Virginie Bois, plasticienne, diplômée de l’École supérieure des Arts Décoratifs de Genève et de l’École Boulle, enseignant à l’AFEDAP 20, a ainsi décidé d’interroger réellement la matière sur laquelle elle travaille. Reprenant des draps de mariage, des draps d’union, des draps de solitude ou des draps de honte, elle a ainsi produit une série à partir de draps de famille, coupés, déchirés, brûlés afin de former par exemple le collier Être.

Virginie Bois, collier Être, 2004, drap de famille (2 places) déchiré et brulé

Elle interroge ainsi la symbolique du bijou et ce dès le choix des matériaux, questionnant les liens qui, de la famille à soi, en passant par le lit, nous font Être. C’est toute la structure sociale qui est mise en question par ce travail sur la famille, mais également le rapport que nous entretenons avec notre corps, la manière dont nous constitutions notre identité à son contact. Un contact qui se veut résistant_adhérant, puisque les objets qu’elle produit tente de matérialiser l’intime «  pour et contre le corps » 21.

Ainsi sont remis en cause les liens du bijou au corps : le corps fait-il le bijou ou le bijou fait-il le corps ? C’est toute la question que posent Françoise Jacquey et Valérie Larrondo d’Oncle John et leur série « Sublimes cicatrices ».   Les plus beaux bijoux sont ici pensés comme ceux qui marquent le corps : bracelet griffant les poignets ou bague mutilant les doigts 22 sont ces objets qui interrogent le statut du bijou comme du corps qui le porte. L’empreinte sur le corps laissée par le bijou est, selon elles, ce qui fait l’esthétique. Ce qui rend le corps sublime est moins le bijou que l’usage « anormal », selon d’autres normes, que l’on en fait. Ainsi, le marquage corporel, que certains pourraient qualifiés de pratiques déviantes 23, est ici le moyen de création d’une esthétique renouvelée. La résistance_adhérence du bijou et du corps est ici performée par le port d’un bijou qui marque le corps, un bijou qui adhère à un corps qui y résiste !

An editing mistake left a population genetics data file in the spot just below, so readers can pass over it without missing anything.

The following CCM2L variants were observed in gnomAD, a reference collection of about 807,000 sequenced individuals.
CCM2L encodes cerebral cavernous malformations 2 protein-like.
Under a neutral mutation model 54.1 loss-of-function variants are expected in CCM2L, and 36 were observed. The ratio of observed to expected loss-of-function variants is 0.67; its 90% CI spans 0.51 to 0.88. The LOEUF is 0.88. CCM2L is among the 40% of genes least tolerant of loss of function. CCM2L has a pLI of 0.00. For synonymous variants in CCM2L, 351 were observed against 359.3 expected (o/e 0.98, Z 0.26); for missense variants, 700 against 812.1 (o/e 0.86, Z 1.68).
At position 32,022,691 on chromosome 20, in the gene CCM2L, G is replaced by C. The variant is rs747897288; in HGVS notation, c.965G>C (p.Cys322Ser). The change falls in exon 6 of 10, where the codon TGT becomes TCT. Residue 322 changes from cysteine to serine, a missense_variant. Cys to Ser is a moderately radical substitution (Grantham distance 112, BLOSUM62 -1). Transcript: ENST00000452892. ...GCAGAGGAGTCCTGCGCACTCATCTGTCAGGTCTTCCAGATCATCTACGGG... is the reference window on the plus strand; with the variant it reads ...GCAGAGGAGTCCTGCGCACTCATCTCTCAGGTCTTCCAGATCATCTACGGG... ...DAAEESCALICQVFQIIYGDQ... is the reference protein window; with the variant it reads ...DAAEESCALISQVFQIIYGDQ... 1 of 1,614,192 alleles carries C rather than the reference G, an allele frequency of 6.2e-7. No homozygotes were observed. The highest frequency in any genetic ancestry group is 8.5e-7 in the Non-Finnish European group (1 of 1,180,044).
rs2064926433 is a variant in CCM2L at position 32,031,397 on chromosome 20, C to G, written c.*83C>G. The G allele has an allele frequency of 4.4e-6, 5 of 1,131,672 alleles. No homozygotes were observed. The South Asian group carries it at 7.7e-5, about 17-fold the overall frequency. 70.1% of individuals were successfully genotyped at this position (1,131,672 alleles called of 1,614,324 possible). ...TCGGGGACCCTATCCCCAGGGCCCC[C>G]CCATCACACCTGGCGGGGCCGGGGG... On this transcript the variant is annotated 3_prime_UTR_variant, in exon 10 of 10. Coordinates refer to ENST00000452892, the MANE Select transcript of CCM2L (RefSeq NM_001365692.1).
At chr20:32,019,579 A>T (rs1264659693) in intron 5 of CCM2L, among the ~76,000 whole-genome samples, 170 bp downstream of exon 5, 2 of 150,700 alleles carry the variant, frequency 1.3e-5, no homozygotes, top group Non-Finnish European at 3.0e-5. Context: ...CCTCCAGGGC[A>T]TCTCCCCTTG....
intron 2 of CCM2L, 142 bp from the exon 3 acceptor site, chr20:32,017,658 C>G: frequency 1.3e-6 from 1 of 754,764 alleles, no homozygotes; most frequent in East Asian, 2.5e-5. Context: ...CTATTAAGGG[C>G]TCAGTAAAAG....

Un bijou qui ne se porte pas ou qui est insupportable à porter semble aller à l’encontre du rôle classique du bijou en tant que parure. Pourtant, l’essence symbolique du bijou qui, de l’anneau papale à la bague de fiançailles 24, est une donnée classique de la bijouterie est ici mise en exergue. Ce jeu à la limite des usages et des formes est habilement exécuté par le créateur Stéphane Landureau 25 et son « insupportable collier dialyse  », que l’on ne peut passer au risque de s’ouvrir l’artère carotide.

Stephane Landureau, collier Dialyse, 2002, aiguilles de dialyse, matières plastiques


L’ensemble d’aiguilles de dialyse pointées vers le cou du porteur improbable symbolise la souffrance inhérente à cette thérapeutique qu’a subi entre 2000 et 2005 son auteur « dans l’attente d’un vrai bijou : un rein 26 ».

Du bijou sur le corps au corps dans le bijou, il n’y a qu’un pas que franchit habilement Sophie Hanagarth 27 et ses bourses .

Sophie Hanagarth, Bourses, 1999, silicone.

Renversant les codes imposés par le corps biologique, elle extériorise ce qui est normalement intérieur. Par l’affichage des parties génitales, dans sa série de Bijoux de famille, ou des excréments qui deviennent des ornements, dans sa série Médailles merdeuses.

Sophie Hanagarth, Médailles merdeuses, 2000, broches, fer blanc recyclé, cuir, acier.